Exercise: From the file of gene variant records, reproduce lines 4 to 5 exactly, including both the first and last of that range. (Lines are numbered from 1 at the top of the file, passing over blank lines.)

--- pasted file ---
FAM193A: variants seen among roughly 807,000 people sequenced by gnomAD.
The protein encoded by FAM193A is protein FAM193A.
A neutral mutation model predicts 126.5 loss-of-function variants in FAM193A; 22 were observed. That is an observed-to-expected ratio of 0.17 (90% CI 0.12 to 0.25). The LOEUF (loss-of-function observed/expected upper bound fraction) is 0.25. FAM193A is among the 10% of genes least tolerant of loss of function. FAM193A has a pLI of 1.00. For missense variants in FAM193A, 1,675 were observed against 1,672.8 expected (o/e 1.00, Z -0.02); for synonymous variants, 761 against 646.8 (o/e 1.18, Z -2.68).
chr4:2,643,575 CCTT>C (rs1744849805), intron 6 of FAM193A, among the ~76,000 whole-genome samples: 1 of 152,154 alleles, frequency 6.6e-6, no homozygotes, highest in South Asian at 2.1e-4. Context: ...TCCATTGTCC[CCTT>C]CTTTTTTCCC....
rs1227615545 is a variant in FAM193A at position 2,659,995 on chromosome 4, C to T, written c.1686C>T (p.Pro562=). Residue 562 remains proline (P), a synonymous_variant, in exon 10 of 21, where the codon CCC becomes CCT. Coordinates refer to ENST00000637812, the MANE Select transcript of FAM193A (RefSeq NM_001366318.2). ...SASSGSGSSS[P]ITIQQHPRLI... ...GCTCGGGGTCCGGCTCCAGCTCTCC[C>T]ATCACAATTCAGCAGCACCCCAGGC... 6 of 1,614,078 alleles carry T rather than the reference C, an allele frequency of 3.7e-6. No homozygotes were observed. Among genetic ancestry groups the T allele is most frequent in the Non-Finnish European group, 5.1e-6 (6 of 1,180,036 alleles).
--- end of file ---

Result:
chr4:2,643,575 CCTT>C (rs1744849805), intron 6 of FAM193A, among the ~76,000 whole-genome samples: 1 of 152,154 alleles, frequency 6.6e-6, no homozygotes, highest in South Asian at 2.1e-4. Context: ...TCCATTGTCC[CCTT>C]CTTTTTTCCC....
rs1227615545 is a variant in FAM193A at position 2,659,995 on chromosome 4, C to T, written c.1686C>T (p.Pro562=). Residue 562 remains proline (P), a synonymous_variant, in exon 10 of 21, where the codon CCC becomes CCT. Coordinates refer to ENST00000637812, the MANE Select transcript of FAM193A (RefSeq NM_001366318.2). ...SASSGSGSSS[P]ITIQQHPRLI... ...GCTCGGGGTCCGGCTCCAGCTCTCC[C>T]ATCACAATTCAGCAGCACCCCAGGC... 6 of 1,614,078 alleles carry T rather than the reference C, an allele frequency of 3.7e-6. No homozygotes were observed. Among genetic ancestry groups the T allele is most frequent in the Non-Finnish European group, 5.1e-6 (6 of 1,180,036 alleles).